Noraa James’ work is an imaginative exploration into many topics of the beauty and sublimity of Blackness through the scope of Afro-surrealism and Afro-futurism. Originally from Norfolk, Virginia, Noraa came to Athens in January 2020: just before the outbreak of the global COVID-19 pandemic. Despite the isolation and uncertainty that these circumstances brought, in his first year in Athens, Noraa co-founded the Finley Light Factory and tacky! Magazine (a 2020 DIY Fund finalist). Noraa is passionate about leveraging creativity to build community, and we at Creature Comforts are thrilled to come alongside him in his journey as an artist-leader during his residency.
As Creature Comforts Artist-in-Residence, Noraa will focus his work on four creative objectives:
Additionally, following his time in our taproom this fall, Noraa will enroll in an artist-focused certificate program to further develop his professional skills.
“I’m looking forward to the residency as a major contributor to my creative growth and a think tank for ways to provide more innovative support toward marginalized creative communities.”
Meet Noraa at one of his Live Art Sessions on select Tuesdays, Thursdays, and Sundays from August 20 to October 20. Scan our Events page for even more Get Artistic events.
Tell us more about the label artwork you created. What inspired the imagery? Tell us about your creative process with this piece.
“A Night Mother is a deity and manifestation of the night sky believed to be the ascended ancestral spirits. These deities create the celestial objects and the voids they float in from the flow of their lightyears-long kinky hair and midnight skin as they trek the cosmos
My piece was painted digitally as a way to celebrate dark skin and kinky hair. I let my imagination run wild after those ground marks.” –Noraa James
How did you get started making art? Did you go to school for art? Did you always know you wanted to be an artist?
“I’ve been known for my art ever since I was walking those early grade school streets (hallways). Since pro sports didn’t remotely seem like a possibility, I accepted defeat as a young teen and leaned more into my creative expression as an outlet. I started college pursuing graphic design since I became obsessed with it and felt my parents wouldn’t give me as hard a time but ended up switching my major to Drawing and Design which allowed a greater creative range for me.”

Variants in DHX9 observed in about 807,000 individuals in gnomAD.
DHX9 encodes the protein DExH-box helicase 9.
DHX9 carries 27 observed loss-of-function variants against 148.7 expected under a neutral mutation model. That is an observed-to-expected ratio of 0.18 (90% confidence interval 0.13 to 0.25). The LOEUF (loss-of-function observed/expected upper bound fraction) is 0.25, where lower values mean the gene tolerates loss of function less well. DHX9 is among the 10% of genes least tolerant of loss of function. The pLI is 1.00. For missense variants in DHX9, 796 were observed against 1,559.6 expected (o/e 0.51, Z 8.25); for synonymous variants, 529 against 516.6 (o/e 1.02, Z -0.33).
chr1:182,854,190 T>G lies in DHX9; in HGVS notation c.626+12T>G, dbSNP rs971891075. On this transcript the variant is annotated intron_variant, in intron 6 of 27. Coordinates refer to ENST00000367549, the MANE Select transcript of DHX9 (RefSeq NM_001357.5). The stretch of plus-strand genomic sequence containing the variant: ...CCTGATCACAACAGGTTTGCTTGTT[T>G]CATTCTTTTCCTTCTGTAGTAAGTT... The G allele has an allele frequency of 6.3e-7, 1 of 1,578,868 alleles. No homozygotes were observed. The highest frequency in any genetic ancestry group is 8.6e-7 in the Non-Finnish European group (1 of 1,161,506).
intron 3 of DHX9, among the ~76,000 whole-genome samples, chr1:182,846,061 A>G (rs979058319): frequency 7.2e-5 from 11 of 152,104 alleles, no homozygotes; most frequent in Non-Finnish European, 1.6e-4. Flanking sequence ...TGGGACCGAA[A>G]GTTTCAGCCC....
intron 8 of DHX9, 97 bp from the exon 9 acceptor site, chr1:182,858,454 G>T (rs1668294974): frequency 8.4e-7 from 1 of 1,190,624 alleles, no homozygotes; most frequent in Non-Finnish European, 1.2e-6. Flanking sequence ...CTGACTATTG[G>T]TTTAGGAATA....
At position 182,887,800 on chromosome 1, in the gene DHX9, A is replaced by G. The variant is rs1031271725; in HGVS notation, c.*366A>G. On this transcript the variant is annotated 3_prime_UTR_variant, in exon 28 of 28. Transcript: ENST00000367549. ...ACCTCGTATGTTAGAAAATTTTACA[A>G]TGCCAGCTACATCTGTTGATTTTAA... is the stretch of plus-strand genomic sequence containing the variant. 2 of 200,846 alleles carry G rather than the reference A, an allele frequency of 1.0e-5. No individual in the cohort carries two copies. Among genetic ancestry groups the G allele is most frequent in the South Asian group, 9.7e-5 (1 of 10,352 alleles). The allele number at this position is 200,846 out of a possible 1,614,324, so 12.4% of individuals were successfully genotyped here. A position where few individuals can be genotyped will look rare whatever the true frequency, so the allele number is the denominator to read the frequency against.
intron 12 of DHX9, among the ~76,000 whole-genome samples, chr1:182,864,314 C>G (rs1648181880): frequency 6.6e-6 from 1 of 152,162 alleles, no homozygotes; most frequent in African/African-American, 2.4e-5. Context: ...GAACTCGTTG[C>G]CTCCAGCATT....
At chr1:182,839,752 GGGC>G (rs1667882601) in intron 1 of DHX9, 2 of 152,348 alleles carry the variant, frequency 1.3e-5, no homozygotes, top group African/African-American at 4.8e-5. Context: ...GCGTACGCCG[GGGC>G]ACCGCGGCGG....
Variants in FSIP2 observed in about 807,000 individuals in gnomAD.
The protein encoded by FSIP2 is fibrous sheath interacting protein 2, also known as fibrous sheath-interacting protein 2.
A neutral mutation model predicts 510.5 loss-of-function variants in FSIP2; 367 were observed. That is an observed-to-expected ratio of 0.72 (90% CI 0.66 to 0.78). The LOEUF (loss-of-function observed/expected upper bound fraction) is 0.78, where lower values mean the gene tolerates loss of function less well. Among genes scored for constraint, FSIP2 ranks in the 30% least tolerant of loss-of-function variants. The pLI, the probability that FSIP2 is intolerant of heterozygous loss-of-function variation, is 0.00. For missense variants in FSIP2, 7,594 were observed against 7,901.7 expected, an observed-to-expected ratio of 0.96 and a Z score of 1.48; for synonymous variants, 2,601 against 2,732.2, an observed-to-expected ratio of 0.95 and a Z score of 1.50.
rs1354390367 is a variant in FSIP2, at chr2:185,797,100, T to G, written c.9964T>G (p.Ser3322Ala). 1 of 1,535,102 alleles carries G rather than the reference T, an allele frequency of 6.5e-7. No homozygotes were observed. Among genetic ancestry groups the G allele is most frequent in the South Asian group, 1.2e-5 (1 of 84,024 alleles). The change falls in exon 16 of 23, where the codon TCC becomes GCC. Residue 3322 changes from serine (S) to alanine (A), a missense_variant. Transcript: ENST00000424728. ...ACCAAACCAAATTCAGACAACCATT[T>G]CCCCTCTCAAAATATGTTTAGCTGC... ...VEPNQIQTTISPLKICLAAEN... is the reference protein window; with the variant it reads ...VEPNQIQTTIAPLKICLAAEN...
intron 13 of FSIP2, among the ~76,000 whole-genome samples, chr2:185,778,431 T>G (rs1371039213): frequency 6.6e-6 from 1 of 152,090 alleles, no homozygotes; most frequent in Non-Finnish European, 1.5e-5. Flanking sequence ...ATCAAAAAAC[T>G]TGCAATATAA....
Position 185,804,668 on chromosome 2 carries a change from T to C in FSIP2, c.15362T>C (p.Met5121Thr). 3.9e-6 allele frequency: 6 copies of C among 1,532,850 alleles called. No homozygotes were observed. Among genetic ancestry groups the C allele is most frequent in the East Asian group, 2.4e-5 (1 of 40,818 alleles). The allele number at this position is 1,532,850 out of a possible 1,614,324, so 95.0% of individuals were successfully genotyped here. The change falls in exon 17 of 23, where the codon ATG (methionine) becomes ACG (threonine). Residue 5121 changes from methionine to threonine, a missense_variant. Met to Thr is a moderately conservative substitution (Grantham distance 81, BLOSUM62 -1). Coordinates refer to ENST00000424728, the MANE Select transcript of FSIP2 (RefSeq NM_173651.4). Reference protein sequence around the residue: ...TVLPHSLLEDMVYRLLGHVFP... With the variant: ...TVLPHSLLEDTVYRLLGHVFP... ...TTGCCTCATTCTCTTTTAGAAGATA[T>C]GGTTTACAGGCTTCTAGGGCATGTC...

You wear many artistic hats: graphic designer, painter, photographer, leader. Has your creative voice shifted over the years? Does it change across mediums?
“My creative voice has definitely evolved since graduating college. Prior to my senior year, I admittedly had a shallower approach to art that just consisted of me trying to be better than my other classmates. My biggest motivation came from the fact that the art atmosphere was very homogenous and I really had to come with heat to show that I was in the right place. The message of my work evolved going into senior year when social injustices (BLM), personal tragedies, and depression nearly caused me to drop out. During my senior show, I began exploring Afro-futurism and saw it as a way to amplify the beauty I see in myself and Black people and I created a series called Black Lives Martyred. Ever since, I’ve been creating art with the intent of representing the beauty, sublimity and magic of Black people.”
You co-founded the Finley Light Factory and tacky! Magazine. What advice would you give to other artists looking to build collaborative community projects?
“My way of building community is rather unconventional; I move as the magnetic guest. I guess it shows how introverted I can be but I really emphasize doing the inner work so that when I do show up, I do as my best self and it becomes easier to attract like-minded individuals. Unified minds make it much easier to create something bigger than yourself.”
Do you have any advice for younger or less experienced artists who are looking to find their creative voice?
“Firstly, be kind to yourself. I’m my biggest critic and it can sometimes be debilitating. I believe that greatness is an endless process of facing your fears with just a few more seconds of bravery every day. Victory comes to the most diligent and patient. It’s a marathon.”
Is there anything else you’d like the world to know about you?
“If I had a floating message over my head it’d say, “Love who you want (over the age of 18)” and “Melanin is worth more than gold.”